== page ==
Ashcroft offers TIPS assurances
- By William Matthews
- Jul 26, 2002
Attorney General John Ashcroft is recruiting millions of Americans to report activity they think is suspicious, but he told a Senate committee he does not want the reports to be kept permanently in a central database.
Amid growing concern over Operation TIPS, Ashcroft sought to assure members of the Senate Judiciary Committee July 25 that reports of suspicious activity will not be retained in a central database, but he said some reports may be kept in databases maintained by various law enforcement agencies.
The Bush administration plans to launch Operation TIPS (which stands for Terrorist Information and Prevention System) in 10 cities in August. Initially, the White House hopes to sign up a million "American workers who, in the daily course of their work, are in a unique position to see potentially unusual or suspicious activity in public places."
When they spot something suspicious, the TIPS volunteers are supposed to file a report on a government Web site or call a toll-free hot line.
Operation TIPS aims to recruit truck drivers, mail carriers, meter readers, train conductors and others "to report what they see in public areas and along transportation routes."
But the program is prompting growing concern about privacy violations and the possibility that unfounded accusations will be lodged against innocent people.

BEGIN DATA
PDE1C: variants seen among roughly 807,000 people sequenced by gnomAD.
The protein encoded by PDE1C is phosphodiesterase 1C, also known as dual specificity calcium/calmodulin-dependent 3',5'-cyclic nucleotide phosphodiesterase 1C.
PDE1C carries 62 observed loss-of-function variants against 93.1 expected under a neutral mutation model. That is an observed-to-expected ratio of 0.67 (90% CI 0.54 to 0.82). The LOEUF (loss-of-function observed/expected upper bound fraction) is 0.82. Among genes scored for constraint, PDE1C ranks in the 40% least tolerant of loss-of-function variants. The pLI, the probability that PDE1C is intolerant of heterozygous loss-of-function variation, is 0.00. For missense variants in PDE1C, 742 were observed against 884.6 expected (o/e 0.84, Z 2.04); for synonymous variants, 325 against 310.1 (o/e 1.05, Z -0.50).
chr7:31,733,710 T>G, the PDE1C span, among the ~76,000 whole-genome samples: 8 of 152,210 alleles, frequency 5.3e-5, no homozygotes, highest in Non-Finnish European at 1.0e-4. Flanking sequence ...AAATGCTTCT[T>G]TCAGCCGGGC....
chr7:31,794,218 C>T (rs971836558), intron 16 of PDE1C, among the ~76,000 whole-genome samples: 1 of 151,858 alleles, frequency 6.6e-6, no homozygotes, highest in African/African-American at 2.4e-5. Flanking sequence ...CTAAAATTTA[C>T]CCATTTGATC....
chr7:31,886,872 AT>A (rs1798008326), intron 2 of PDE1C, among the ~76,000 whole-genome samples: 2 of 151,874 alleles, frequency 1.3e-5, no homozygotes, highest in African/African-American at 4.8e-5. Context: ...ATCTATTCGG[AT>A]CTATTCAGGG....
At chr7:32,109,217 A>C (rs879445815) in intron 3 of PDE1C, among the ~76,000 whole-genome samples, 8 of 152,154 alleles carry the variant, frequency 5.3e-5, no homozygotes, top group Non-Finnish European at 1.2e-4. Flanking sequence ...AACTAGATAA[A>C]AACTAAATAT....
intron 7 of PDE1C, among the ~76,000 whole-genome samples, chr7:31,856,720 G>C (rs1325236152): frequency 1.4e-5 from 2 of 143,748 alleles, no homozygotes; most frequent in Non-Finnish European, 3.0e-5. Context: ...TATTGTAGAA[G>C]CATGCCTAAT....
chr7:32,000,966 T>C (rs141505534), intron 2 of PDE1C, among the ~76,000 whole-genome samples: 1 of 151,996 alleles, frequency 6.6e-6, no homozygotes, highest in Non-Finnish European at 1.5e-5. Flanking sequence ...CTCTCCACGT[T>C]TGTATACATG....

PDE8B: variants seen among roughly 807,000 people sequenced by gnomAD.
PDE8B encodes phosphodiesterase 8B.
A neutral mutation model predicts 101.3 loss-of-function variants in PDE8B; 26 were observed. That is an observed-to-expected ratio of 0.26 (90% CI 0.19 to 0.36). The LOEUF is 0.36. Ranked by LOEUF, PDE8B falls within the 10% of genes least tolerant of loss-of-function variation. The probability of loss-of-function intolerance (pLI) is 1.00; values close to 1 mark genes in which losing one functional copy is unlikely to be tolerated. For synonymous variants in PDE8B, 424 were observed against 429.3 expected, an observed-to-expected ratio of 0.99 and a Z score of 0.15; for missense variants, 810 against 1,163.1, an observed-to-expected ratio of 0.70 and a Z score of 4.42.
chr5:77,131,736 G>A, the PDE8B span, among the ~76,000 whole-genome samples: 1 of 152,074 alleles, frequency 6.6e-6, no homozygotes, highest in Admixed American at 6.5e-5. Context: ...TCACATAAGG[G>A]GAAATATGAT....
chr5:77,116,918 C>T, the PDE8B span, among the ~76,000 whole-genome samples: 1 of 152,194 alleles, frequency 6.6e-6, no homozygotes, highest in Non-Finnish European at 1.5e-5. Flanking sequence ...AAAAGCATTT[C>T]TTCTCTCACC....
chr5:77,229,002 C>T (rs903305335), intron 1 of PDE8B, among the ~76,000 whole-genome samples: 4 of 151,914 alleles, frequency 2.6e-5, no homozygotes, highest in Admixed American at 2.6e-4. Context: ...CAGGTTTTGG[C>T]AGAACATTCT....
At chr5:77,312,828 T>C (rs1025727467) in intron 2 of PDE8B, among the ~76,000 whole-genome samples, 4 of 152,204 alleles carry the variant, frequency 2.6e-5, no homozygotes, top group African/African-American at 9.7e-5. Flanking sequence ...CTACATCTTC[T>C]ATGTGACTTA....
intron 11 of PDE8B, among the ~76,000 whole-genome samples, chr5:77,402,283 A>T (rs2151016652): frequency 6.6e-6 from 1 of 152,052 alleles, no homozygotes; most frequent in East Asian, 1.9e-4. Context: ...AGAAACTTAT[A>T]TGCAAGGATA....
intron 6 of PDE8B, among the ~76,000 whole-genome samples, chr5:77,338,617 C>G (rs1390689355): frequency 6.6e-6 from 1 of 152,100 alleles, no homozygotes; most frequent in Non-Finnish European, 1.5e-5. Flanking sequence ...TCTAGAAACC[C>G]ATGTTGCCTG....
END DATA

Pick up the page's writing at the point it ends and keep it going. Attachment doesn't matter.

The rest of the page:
The House Select Committee on Homeland Security wants to ban Operation TIPS, and the Senate is considering a ban.
Sen. Patrick Leahy (D-Vt.), chairman of the Judiciary Committee, warned that the program could transform Americans from vigilant to vigilantes.
What if a cable TV installer enters a home and then reports that he saw pictures of the World Trade Center and books about terrorism? Leahy asked Ashcroft. Would the Justice Department investigate? Interrogate? "Bring the person in?"
"It may be the head of Islamic studies at Harvard, or a kid doing a term paper at the University of Missouri," Leahy said.
"I'm very concerned that we don't end up with a database on innocent people. We do not want a situation" in which people are denied government mortgage loans or jobs "because someone didn't like their political opinions or the music they listened to," Leahy said.
Ashcroft said Operation TIPS is not intended to report on activity in private places, such as homes. But Leahy said some of those bring recruited for Operation TIPS "have more access to homes than law enforcement" personnel do.
Ashcroft said he advised against creating a database that would be maintained by Operation TIPS, and "I have been given assurances that TIPS will not maintain a database." But the FBI and other agencies might preserve TIPS reports in databases, he said.